Let's call it a wrap.

Trip Start Jun 29, 2006
Trip End Jun 26, 2007

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Thursday, January 4, 2007

I apologize for the delay in updating. Life has kept me pretty busy and I wouldn't wish it any other way. Earlier concerns I had about having time to catch up after New Year's are gone since our school cancelled the extra morning classes (a relief, although the extra money would have been a plus).
Last I posted, I had caught everyone up through the beginning of November. The weather was still relatively mild and life was calm. Youngwoo got married, our school had a new Korean teacher...
The next weekend (November 11/12), Stephen and I were treated to something really special. Our director took us way up North to Seoraksan (Mount Seorak National Park, which is north of the 38th parallel) for a weekend of sightseeing and hiking. It was really cold but we hiked and hiked. It was quite a long and crowded trip as well. Altogether there were 11 people in one van (but two condos!!). Stephen, me, our director Mr. Park, one of his sister's and her husband, their two children, two of his another sister's children, and another two of another sister's children (these last two are students of ours). We met up very, very early on Saturday morning and piled into the van for the six hour drive North. When we finally arrived in the afternoon we tried to go hiking on the West side of the mountain but found that the trail had been closed due to heavy rains. We had a big lunch and then took a ride up a different part of the West side. It was a scary bus ride up a very narrow road! Reminded me very much of my ride up to the old minining town of San Rocco in Italy last year. We walked for a while, looking at a temple (Buddhist) and began to hike. It didn't last long though because we wanted to make it over to the other side of the mountain in time for the cable car.  By this time, Stephen and I had gotten pretty comfortable with the kids. The girls were going back and forth between calling Stephen "chicken" and "Beckham" and they were always yelling at us to go slower (even though we were just trying to keep up with Mr. Park)! We drove to the other side of the mountain (which really means the other side of the National Park) and ended up sitting in traffic forever trying to get to the cable car. By the time we reached the ticket gate we were turned around because all the rest of the day's cable car rides were sold out. We proceeded to drive all around Sokcho (the nearby city) looking for our condo and a place to eat. It was a LONG evening. Finally we found our condo and stretched our legs before eating a hearty Korean dinner. I studied my Korean with some help from one of the kids(I had less than a week before I was supposed to be caught up with the first 10 lessons) then it was bed by 10.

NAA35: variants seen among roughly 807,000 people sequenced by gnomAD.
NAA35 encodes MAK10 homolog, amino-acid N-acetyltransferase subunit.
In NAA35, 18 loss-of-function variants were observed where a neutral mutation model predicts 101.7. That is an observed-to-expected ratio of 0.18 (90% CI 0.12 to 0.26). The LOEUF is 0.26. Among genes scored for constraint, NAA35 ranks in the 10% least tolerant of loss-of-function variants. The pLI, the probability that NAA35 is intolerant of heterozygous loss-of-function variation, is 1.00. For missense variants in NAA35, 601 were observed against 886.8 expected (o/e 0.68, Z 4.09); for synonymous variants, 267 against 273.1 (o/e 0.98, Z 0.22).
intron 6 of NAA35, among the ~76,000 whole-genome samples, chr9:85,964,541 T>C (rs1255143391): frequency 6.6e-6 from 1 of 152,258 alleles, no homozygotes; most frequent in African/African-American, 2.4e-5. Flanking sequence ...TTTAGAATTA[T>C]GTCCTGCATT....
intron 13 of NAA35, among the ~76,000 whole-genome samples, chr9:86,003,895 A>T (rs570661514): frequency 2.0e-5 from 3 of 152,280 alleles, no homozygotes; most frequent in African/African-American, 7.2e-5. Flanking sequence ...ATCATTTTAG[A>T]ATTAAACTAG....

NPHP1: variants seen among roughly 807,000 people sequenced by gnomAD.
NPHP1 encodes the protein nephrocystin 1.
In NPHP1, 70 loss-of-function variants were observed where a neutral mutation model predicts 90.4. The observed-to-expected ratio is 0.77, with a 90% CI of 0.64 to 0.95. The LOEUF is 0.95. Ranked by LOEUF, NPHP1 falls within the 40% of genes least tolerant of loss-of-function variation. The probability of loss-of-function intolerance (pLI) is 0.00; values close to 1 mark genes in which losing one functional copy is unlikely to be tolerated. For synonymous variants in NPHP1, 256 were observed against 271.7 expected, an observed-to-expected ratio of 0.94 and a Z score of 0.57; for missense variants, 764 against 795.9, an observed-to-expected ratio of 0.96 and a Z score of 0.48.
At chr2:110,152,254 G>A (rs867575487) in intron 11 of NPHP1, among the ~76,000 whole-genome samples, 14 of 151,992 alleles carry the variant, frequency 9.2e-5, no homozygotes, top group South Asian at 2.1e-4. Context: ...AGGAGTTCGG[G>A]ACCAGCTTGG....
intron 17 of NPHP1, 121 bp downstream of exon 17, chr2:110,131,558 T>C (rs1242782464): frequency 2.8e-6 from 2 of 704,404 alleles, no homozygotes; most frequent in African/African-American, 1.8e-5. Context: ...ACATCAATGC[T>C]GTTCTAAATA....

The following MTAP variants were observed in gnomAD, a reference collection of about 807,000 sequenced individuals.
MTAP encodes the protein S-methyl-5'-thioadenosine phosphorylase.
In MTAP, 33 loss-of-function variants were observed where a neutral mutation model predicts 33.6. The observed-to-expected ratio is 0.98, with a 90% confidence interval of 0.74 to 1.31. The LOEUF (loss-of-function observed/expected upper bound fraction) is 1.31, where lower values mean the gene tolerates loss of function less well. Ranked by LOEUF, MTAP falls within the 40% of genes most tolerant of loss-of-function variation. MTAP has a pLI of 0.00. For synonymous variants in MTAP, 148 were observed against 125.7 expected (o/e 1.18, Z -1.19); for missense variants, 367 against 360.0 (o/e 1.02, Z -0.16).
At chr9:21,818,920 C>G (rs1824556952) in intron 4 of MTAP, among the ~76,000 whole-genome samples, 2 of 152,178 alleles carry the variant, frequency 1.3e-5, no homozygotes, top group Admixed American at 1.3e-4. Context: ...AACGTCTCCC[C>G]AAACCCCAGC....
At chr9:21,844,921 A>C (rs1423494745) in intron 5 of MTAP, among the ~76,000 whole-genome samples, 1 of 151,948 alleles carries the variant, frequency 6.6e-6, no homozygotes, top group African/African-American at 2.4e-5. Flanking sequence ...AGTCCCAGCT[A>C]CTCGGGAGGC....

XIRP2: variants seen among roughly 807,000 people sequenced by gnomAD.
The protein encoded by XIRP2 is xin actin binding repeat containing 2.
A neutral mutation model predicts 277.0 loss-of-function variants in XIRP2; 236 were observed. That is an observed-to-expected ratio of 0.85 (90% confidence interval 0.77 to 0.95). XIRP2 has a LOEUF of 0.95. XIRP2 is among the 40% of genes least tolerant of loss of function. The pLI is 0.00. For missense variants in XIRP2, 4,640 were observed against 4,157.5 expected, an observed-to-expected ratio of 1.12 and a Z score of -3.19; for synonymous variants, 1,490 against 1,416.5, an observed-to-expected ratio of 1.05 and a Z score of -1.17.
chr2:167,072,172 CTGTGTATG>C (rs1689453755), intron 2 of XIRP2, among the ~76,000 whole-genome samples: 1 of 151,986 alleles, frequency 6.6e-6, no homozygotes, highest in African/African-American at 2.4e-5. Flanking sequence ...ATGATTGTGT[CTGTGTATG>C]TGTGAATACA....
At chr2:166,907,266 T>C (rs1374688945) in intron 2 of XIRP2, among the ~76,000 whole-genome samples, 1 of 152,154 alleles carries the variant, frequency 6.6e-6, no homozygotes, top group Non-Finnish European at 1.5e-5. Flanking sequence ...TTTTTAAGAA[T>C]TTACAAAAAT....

The next morning we took our time heading out and headed straight for the cable car. We bought our tickets for a 3:00 ride up and started hiking up a different part to Ulsanbawi, aka Ulsan Rock. Ulsanbawi is six granite peaks over 4km wide. It's also about 4km up to the top and it takes around two hours. Part way up at an area called Gyejoam there is a giant rock (16feet) known as Heundeulbawi that can be rocked back and forth by just one person. People try to push it down but it just rocks. There is also a Buddhist temple in the cave there. I have seen reports that list Ulsanbawi as the largest single rock in the Orient. At over 950m high, cliffs on all sides, and a 808-step metal bridge to get up the steep sides it was quite impressive. Not to mention that Seoraksan is usually considered the most beautiful place in all of Korea.